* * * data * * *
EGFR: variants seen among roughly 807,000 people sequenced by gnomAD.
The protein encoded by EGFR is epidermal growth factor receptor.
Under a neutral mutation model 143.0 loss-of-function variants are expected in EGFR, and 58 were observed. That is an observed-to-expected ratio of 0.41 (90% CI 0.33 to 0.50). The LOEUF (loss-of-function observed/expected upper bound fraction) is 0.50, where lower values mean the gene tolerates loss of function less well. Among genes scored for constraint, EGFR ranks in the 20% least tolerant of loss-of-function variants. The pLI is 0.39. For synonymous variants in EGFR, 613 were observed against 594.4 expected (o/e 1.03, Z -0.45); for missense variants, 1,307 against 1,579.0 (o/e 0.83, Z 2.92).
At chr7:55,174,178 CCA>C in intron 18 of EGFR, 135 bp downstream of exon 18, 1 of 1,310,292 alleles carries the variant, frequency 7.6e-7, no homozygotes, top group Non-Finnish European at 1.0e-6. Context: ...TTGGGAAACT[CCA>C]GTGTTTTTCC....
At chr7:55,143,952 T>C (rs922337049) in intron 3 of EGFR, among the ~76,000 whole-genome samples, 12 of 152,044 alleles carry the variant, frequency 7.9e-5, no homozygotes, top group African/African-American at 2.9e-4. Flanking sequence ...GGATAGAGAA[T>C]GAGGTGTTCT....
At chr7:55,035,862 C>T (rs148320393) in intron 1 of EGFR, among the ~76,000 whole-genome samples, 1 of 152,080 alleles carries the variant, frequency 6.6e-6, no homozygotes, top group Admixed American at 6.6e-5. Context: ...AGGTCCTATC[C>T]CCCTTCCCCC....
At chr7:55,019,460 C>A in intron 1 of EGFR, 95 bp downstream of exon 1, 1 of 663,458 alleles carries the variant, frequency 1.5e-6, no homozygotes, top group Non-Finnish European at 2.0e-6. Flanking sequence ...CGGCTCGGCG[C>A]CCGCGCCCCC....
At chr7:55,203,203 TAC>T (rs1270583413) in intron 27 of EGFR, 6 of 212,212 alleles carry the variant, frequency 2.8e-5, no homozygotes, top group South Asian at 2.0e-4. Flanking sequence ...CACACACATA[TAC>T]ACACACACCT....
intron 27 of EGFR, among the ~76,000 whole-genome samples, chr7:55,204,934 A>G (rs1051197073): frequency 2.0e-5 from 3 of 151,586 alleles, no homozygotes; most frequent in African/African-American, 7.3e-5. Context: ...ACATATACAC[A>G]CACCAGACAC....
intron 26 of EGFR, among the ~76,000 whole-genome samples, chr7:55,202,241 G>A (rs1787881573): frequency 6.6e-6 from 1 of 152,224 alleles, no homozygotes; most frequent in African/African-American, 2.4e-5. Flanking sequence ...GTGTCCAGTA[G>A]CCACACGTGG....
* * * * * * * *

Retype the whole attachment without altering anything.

EGFR: variants seen among roughly 807,000 people sequenced by gnomAD.
The protein encoded by EGFR is epidermal growth factor receptor.
Under a neutral mutation model 143.0 loss-of-function variants are expected in EGFR, and 58 were observed. That is an observed-to-expected ratio of 0.41 (90% CI 0.33 to 0.50). The LOEUF (loss-of-function observed/expected upper bound fraction) is 0.50, where lower values mean the gene tolerates loss of function less well. Among genes scored for constraint, EGFR ranks in the 20% least tolerant of loss-of-function variants. The pLI is 0.39. For synonymous variants in EGFR, 613 were observed against 594.4 expected (o/e 1.03, Z -0.45); for missense variants, 1,307 against 1,579.0 (o/e 0.83, Z 2.92).
At chr7:55,174,178 CCA>C in intron 18 of EGFR, 135 bp downstream of exon 18, 1 of 1,310,292 alleles carries the variant, frequency 7.6e-7, no homozygotes, top group Non-Finnish European at 1.0e-6. Context: ...TTGGGAAACT[CCA>C]GTGTTTTTCC....
At chr7:55,143,952 T>C (rs922337049) in intron 3 of EGFR, among the ~76,000 whole-genome samples, 12 of 152,044 alleles carry the variant, frequency 7.9e-5, no homozygotes, top group African/African-American at 2.9e-4. Flanking sequence ...GGATAGAGAA[T>C]GAGGTGTTCT....
At chr7:55,035,862 C>T (rs148320393) in intron 1 of EGFR, among the ~76,000 whole-genome samples, 1 of 152,080 alleles carries the variant, frequency 6.6e-6, no homozygotes, top group Admixed American at 6.6e-5. Context: ...AGGTCCTATC[C>T]CCCTTCCCCC....
At chr7:55,019,460 C>A in intron 1 of EGFR, 95 bp downstream of exon 1, 1 of 663,458 alleles carries the variant, frequency 1.5e-6, no homozygotes, top group Non-Finnish European at 2.0e-6. Flanking sequence ...CGGCTCGGCG[C>A]CCGCGCCCCC....
At chr7:55,203,203 TAC>T (rs1270583413) in intron 27 of EGFR, 6 of 212,212 alleles carry the variant, frequency 2.8e-5, no homozygotes, top group South Asian at 2.0e-4. Flanking sequence ...CACACACATA[TAC>T]ACACACACCT....
intron 27 of EGFR, among the ~76,000 whole-genome samples, chr7:55,204,934 A>G (rs1051197073): frequency 2.0e-5 from 3 of 151,586 alleles, no homozygotes; most frequent in African/African-American, 7.3e-5. Context: ...ACATATACAC[A>G]CACCAGACAC....
intron 26 of EGFR, among the ~76,000 whole-genome samples, chr7:55,202,241 G>A (rs1787881573): frequency 6.6e-6 from 1 of 152,224 alleles, no homozygotes; most frequent in African/African-American, 2.4e-5. Flanking sequence ...GTGTCCAGTA[G>A]CCACACGTGG....